Although it was considered by many to be an unwelcome intrusion into the Park’s pastoral beauty, the Kate Wollman Rink was a source of enjoyment for millions of Park goers who enjoyed ice skating and pedal boating. It was added to the Park during the reign of Parks Commissioner Robert Moses, who was responsible for many of the Park’s features that were not included in the original design, such as its Playgrounds and Bandshell. The Rink, opened in 1961, was named after Kate Wollman, whose family helped fund its construction.
In the original design of the Park, the pioneering landscape architecture team of Frederick Law Olmsted and Calvert Vaux wanted to include a formal space for open-air musical concerts. At the center was Music Island, which was where the Rink now stands. Music Island was a small islet with a stage facing the Concert Grove across a narrow channel of water. Thousands of concert goers would attend Saturday afternoon concerts. Performers included the Thirteenth Regiment Band (1896) and a brass band conducted by the world renowned bandleader Edwin Franko Goldman, whose concert series thrived for four decades.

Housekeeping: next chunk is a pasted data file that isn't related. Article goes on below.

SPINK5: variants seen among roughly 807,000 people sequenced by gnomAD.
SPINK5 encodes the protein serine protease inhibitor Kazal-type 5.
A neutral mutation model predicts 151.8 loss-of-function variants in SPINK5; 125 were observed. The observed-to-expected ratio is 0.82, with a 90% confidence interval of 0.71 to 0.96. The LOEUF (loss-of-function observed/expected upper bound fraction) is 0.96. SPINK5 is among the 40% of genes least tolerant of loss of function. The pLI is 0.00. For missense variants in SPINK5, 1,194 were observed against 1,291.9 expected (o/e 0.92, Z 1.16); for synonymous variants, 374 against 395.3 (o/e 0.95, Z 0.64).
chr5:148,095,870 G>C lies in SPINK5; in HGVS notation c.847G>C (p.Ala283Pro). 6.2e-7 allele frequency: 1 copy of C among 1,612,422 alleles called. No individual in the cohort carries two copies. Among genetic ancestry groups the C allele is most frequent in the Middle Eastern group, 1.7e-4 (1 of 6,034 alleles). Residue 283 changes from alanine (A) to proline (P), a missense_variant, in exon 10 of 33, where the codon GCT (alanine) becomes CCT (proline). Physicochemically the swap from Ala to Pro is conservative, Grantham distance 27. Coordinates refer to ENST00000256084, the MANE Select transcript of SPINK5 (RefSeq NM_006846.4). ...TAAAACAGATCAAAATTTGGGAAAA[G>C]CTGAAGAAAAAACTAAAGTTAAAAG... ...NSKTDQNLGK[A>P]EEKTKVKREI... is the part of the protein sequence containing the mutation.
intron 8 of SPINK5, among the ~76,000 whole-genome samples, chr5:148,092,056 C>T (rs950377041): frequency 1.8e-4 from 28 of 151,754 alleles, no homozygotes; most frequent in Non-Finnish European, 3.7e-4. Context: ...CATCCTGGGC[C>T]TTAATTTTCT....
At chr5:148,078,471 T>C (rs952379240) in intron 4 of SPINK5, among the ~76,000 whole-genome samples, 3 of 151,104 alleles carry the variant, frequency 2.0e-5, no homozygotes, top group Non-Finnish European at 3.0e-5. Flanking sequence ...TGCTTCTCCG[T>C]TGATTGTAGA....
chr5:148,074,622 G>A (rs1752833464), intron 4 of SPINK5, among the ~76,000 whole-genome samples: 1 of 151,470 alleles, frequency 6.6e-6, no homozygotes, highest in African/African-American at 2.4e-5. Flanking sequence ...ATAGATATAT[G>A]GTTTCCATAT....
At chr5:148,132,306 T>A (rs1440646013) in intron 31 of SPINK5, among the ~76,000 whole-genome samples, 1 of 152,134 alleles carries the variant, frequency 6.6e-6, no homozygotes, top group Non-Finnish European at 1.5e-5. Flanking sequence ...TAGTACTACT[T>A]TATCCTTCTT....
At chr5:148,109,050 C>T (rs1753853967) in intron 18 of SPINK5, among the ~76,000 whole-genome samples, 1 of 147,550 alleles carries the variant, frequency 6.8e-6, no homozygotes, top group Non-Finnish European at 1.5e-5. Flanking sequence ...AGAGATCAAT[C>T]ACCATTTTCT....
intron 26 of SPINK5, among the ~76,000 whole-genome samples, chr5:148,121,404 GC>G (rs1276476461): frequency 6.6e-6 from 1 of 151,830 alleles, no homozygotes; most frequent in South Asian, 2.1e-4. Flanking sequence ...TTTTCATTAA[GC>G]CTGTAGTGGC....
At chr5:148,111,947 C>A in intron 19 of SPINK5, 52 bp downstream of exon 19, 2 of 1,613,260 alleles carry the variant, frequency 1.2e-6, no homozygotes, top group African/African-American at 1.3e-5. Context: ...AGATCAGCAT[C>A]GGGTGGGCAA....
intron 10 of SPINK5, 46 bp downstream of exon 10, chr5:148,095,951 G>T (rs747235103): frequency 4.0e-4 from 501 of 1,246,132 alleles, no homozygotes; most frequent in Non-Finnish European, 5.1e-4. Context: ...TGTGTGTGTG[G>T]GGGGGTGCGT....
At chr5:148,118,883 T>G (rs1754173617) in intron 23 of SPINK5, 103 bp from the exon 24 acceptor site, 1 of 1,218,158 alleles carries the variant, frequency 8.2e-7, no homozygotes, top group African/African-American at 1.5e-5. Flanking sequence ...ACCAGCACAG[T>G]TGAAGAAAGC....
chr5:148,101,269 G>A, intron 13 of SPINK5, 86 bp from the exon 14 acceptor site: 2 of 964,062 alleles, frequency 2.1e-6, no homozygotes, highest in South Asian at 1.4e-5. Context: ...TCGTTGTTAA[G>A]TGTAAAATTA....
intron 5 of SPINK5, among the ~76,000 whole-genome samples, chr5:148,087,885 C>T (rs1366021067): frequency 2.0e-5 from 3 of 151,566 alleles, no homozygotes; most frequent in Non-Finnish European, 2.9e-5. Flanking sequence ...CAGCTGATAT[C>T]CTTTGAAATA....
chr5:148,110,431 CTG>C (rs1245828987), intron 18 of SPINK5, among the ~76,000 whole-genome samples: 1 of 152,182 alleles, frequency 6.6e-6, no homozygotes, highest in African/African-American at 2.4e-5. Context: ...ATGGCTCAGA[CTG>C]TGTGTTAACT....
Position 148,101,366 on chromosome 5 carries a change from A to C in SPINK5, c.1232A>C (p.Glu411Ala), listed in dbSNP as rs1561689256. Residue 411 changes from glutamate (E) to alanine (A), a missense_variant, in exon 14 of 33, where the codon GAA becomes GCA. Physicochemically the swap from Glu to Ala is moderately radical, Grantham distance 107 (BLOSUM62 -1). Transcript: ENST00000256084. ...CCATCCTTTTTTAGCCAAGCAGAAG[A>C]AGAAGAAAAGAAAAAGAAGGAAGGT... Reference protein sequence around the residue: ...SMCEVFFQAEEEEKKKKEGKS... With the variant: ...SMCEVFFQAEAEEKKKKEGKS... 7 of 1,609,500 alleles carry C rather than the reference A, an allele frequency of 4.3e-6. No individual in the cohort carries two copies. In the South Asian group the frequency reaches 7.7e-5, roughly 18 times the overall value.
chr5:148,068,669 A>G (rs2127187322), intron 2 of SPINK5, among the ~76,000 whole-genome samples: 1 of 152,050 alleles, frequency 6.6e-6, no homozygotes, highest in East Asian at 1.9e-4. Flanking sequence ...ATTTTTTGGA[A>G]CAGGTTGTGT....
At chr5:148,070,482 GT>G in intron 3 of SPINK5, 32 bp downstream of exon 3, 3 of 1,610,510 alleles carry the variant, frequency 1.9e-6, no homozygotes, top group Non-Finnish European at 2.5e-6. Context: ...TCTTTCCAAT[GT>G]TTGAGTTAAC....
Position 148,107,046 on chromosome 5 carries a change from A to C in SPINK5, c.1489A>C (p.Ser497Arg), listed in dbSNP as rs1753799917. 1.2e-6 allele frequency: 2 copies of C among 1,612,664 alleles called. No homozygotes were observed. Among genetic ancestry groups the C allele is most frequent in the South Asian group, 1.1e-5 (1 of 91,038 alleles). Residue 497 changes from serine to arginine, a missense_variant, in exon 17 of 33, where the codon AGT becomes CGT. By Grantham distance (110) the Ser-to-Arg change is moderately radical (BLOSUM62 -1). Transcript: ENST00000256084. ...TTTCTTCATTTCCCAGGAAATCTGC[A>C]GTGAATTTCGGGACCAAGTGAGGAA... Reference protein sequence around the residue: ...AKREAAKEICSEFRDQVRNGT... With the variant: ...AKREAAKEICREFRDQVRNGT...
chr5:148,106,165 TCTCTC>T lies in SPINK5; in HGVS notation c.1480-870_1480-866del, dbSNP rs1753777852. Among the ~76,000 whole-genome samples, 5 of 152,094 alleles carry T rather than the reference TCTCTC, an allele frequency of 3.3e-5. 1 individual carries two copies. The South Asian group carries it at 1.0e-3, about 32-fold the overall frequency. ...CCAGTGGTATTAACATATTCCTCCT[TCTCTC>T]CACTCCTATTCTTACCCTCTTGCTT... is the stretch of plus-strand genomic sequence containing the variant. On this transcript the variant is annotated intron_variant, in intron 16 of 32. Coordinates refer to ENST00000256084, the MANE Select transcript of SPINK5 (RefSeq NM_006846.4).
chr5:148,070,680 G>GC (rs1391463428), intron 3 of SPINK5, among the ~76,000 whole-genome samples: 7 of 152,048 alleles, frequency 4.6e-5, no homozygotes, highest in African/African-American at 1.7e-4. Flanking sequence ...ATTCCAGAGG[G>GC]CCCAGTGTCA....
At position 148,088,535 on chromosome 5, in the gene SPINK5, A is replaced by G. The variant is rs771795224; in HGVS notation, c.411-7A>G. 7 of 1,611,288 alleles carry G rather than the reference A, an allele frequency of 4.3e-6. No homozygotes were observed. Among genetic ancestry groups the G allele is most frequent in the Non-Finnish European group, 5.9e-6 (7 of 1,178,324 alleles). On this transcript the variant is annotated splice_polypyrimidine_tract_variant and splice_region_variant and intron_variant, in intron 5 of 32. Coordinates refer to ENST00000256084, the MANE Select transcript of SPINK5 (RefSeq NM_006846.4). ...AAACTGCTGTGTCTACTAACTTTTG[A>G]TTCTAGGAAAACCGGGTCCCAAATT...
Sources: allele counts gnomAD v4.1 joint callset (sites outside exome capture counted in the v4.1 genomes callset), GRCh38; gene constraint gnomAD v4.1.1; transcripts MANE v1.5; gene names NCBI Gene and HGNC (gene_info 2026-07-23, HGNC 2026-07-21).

Now, the area where Wollman Rink previously stood has been transformed into Lakeside, the largest and most ambitious project in Prospect Park since its completion nearly 150 years ago. Spanning more than 26 acres, this $74 million restoration and redesign features the Samuel J. and Ethel LeFrak Center as well as the Shelby White and Leon Levy Esplanade. The esplanade provides walkways and picnic areas with an open view of the recreated Chaim Baier Music Island and lake.
See Lakeside today >